And I also read this from Elder Johnson, which helped also:
Making the covenant to be a disciple of Christ is the beginning of a lifelong process, and the path is not always easy. As we repent of our sins and strive to do what He would have us do and serve our fellowmen as He would serve them, we will inevitably become more like Him. Becoming like Him and being one with Him is the ultimate goal and objective—and essentially the very definition of true discipleship.
If I ever do want to become a true disciple, then what I really need to worry about is how I measure up as a follower. Am I living up to my privileges? Do I think on others before myself? Am I abiding by the commandments? Do I maintain an eye of faith even when things sometimes get discouraging? Those are the things that really matter. Getting an internship is only a detail, but not the essential one.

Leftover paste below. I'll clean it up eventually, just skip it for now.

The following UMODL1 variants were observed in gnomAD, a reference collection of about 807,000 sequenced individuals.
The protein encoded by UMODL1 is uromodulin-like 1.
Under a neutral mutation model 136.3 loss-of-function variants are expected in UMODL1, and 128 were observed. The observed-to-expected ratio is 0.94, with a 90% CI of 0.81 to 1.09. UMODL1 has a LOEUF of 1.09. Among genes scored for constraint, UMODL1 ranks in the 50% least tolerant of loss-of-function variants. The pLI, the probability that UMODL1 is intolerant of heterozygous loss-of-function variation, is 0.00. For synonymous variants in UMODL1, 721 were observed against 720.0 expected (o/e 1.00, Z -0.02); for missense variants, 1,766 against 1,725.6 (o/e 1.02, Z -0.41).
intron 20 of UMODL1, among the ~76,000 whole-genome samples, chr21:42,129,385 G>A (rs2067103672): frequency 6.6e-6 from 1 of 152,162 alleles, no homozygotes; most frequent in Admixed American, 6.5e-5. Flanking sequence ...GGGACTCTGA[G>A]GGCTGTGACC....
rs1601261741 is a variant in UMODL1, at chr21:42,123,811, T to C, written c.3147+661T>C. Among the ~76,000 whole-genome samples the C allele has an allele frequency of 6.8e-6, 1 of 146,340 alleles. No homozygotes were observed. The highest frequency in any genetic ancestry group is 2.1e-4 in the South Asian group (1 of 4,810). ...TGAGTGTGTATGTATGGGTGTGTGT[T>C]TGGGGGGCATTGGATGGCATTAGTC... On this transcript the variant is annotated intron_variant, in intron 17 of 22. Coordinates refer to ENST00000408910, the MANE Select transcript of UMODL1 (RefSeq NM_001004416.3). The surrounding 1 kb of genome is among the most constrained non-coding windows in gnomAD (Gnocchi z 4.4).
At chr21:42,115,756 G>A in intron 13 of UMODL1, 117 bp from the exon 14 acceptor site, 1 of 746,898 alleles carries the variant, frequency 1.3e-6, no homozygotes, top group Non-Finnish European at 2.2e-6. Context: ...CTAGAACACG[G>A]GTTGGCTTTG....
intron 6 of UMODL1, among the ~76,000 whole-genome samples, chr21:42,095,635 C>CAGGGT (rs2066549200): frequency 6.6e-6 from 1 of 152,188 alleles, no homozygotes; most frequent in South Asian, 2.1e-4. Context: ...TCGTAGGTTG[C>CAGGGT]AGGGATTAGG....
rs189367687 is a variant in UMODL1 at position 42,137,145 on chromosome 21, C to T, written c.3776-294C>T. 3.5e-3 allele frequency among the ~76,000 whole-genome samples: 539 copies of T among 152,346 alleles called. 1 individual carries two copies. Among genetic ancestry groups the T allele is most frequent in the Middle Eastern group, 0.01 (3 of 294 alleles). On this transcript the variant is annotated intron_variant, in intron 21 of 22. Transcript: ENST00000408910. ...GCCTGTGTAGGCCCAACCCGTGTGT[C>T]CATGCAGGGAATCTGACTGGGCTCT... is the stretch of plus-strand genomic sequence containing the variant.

So that's where things are at. I'm still looking, but I feel like I've made some great in-roads since then. I've made some contacts at Ford, with whom I interview on Monday. I'm going to Adobe today for the main purpose of connecting with some people there. I still have Citi on the horizon, Price-Waterhouse Cooper, and one more ace in the hole that I'm really hoping will work out soon. I applied to Goodyear, and got a good recommendation from one of the second year students.
Things will work out, and I'm still really excited about my prospects. I just thought I'd share some of the process because not everything has been just easy for me, ever, and I think I've gained some valuable insights that maybe could apply somewhere else out there for another person.
A total of 7 no's so far. Looking for some yes's to put in the win column. I'll keep you posted.